"Night by Night"
Released: September 22, 2009 (2009-09-22)
"Don't Turn the Lights On"
Released: June 28, 2010 (2010-06-28)
Released: January 7, 2011 (2011-01-07)
"When the Night Falls"
Released: July 25, 2011 (2011-07-25)
Business Casual is the third studio album by Canadian electro-funk duo Chromeo, released on September 14, 2010 by Last Gang Records and Turbo Recordings. The album is Chromeo's major-label debut, following the duo's signing to Atlantic Records. Upon its release, Business Casual was met with generally positive reviews from music critics. Four singles were released from the album: "Night by Night", "Don't Turn the Lights On", "Hot Mess", and "When the Night Falls".
"Don't Turn the Lights On" was released on June 28, 2010 as the second single Business Casual, and its music video was directed by Keith Schofield.
"Hot Mess" served as the album's third single. An alternative version of the song featuring Elly Jackson of La Roux was released in the United Kingdom on February 7, 2011, while the original album version was released in the United States on February 15 and in Canada on March 1. The accompanying video, directed by Jérémie Rozan, was shot in Dumbo, Brooklyn. The duo performed "Hot Mess" on Conan on February 21, 2011.
"When the Night Falls" was released on July 25, 2011 as the album's fourth and final single. The song's video was directed by Daniels and features Solange Knowles, who also provides additional vocals for the track.
Business Casual received generally positive reviews from music critics. At Metacritic, which assigns a weighted mean rating out of 100 to reviews from mainstream critics, the album received an average score of 68, based on 19 reviews, which indicates "generally favorable reviews". Simon Vozick-Levinson of Entertainment Weekly wrote that despite the duo's major-label deal, "[o]n Business Casual they remain adept students of the Hall & Oates school of hooks, which they surround with gleaming synth grooves and robotic talkbox solos that recall '80s funk masters like Zapp & Roger." Chris Martins of The A.V. Club stated that the album "opens with a powerful three-part salvo crafted for maximum dance-floor penetration. [...] But as the album progresses, an unexpected soulfulness emerges". Anupa Mistry of URB remarked, "The defining thread running through Chromeo's body of work is earnestness: you might scoff at the Lothario-obsession, the legs on display in the artwork, the almost-religious adherence to '80s stylistics, but in the end you either have to a) give it up for their studiousness, or b) just dance." Marc Hogan of Spin opined that Business Casual 's "libidinous wit can't quite match 2007's Fancy Footwork, but this day at the office still features booty calls, romantic squabbles, and digitally syrupy declarations of devotion."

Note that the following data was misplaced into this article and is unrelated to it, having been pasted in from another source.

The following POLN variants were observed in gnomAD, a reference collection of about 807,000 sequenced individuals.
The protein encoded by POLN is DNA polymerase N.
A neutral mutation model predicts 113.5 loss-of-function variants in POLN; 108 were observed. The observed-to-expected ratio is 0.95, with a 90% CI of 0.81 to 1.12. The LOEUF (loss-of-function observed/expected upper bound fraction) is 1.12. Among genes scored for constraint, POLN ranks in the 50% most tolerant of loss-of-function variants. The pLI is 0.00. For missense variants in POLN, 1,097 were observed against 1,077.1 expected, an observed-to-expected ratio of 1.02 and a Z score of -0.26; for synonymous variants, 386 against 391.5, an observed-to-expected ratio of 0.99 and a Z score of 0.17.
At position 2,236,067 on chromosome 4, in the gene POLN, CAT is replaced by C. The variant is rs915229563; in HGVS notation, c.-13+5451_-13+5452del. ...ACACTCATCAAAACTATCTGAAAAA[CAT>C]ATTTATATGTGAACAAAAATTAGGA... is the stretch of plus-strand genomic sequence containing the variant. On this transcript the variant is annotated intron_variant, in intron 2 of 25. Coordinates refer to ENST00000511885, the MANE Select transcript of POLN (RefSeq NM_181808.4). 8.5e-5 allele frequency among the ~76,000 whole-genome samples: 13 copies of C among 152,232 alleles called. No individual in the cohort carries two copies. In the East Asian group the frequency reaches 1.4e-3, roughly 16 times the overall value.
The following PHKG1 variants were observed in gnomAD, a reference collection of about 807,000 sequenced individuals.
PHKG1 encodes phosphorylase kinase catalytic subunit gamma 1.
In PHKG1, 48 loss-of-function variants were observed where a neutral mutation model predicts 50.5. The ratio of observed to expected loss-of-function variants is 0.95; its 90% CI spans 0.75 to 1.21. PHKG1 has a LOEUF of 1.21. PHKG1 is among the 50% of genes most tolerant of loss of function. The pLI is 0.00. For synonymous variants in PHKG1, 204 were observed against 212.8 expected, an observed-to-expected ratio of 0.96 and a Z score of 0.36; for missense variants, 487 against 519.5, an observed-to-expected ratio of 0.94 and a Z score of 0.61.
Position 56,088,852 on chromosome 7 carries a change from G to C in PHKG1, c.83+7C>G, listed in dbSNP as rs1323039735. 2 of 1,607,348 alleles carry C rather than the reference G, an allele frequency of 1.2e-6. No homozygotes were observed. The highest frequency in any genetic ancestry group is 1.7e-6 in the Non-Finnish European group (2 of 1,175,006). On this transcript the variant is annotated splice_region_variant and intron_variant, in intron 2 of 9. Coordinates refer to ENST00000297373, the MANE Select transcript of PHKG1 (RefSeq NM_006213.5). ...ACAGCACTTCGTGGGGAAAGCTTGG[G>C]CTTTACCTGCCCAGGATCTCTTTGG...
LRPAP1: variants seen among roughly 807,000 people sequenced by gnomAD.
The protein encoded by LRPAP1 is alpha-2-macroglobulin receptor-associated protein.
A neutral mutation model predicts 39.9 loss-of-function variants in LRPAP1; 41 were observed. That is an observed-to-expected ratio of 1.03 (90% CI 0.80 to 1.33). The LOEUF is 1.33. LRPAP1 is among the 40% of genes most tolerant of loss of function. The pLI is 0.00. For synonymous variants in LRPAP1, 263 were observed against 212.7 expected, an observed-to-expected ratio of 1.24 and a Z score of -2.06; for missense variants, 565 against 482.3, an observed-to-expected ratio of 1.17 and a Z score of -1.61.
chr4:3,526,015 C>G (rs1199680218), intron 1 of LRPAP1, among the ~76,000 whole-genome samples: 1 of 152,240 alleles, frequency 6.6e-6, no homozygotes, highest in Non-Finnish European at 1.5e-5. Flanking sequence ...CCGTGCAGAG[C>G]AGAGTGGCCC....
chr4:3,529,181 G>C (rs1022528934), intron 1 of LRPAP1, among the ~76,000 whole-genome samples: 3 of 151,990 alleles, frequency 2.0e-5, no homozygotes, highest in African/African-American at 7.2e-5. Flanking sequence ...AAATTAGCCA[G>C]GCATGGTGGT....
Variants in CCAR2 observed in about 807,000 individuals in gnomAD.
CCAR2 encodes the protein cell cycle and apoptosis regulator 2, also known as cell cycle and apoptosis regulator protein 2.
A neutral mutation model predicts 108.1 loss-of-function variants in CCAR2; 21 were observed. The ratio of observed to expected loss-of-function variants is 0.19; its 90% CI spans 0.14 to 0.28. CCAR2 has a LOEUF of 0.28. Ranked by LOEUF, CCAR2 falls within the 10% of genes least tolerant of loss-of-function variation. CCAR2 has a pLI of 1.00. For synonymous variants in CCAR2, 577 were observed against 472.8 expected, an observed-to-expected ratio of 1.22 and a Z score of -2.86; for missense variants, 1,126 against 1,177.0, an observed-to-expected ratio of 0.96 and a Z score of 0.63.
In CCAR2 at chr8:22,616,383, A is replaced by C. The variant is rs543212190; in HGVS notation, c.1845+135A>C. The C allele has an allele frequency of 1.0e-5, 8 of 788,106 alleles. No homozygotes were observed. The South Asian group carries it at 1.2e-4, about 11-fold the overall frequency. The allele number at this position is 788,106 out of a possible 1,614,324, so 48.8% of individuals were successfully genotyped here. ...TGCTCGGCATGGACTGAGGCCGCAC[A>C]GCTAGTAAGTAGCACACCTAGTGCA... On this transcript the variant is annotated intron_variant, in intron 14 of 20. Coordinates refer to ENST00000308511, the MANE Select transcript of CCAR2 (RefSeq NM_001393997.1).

Slant Magazine's Jesse Cataldo found the album to be "transparent and tacky enough that its not becoming insufferable is a triumph in itself. Its earnestness, and the enthusiasm which it presents its reconstituted '80s sounds, is even lovable." AJ Ramirez of PopMatters felt that "Chromeo still won't win any points for originally or distinctiveness", but noted, "For the majority of its runtime, Business Casual booms with the allure of a greatest hits collection, and actually stands as a more consistent work than the full-length efforts of many of Chromeo's influences."AllMusic's Jason Lymangrover commented that the album has "the typically synth-suave electro-funk jams [...] As the album progresses, though, [the duo] dig[s] deeper into crates for cheesy inspiration, and you can hear glimmers of Rockwell, Lionel Richie, Oran Juice, and even The Kids from Fame TV series."Pitchfork Media's Larry Fitzmaurice suggested that the album's "most successful moments are the result of genre-related leg-stretching", adding that "the record is a unique situation, as it represents Chromeo's growth as master arrangers and producers, despite feeling like a step backwards in overall quality." Kevin Ritchie of Now concluded that "Business Casual has a few bangers, but over the course of an album, the synth soloing gets old fast. Still, while we wait for a pop saviour to take the genre forward, Chromeo provide a nice enough tribute to its past." In a review for the NME, Mike Williams expressed that "Cassius man Phillippe Zdar's production is a deluxe weave of dreamy synths, biting snares, throbbing bass and warbly Vocoders, but it feels as if Chromeo are just doodling knobs over the top."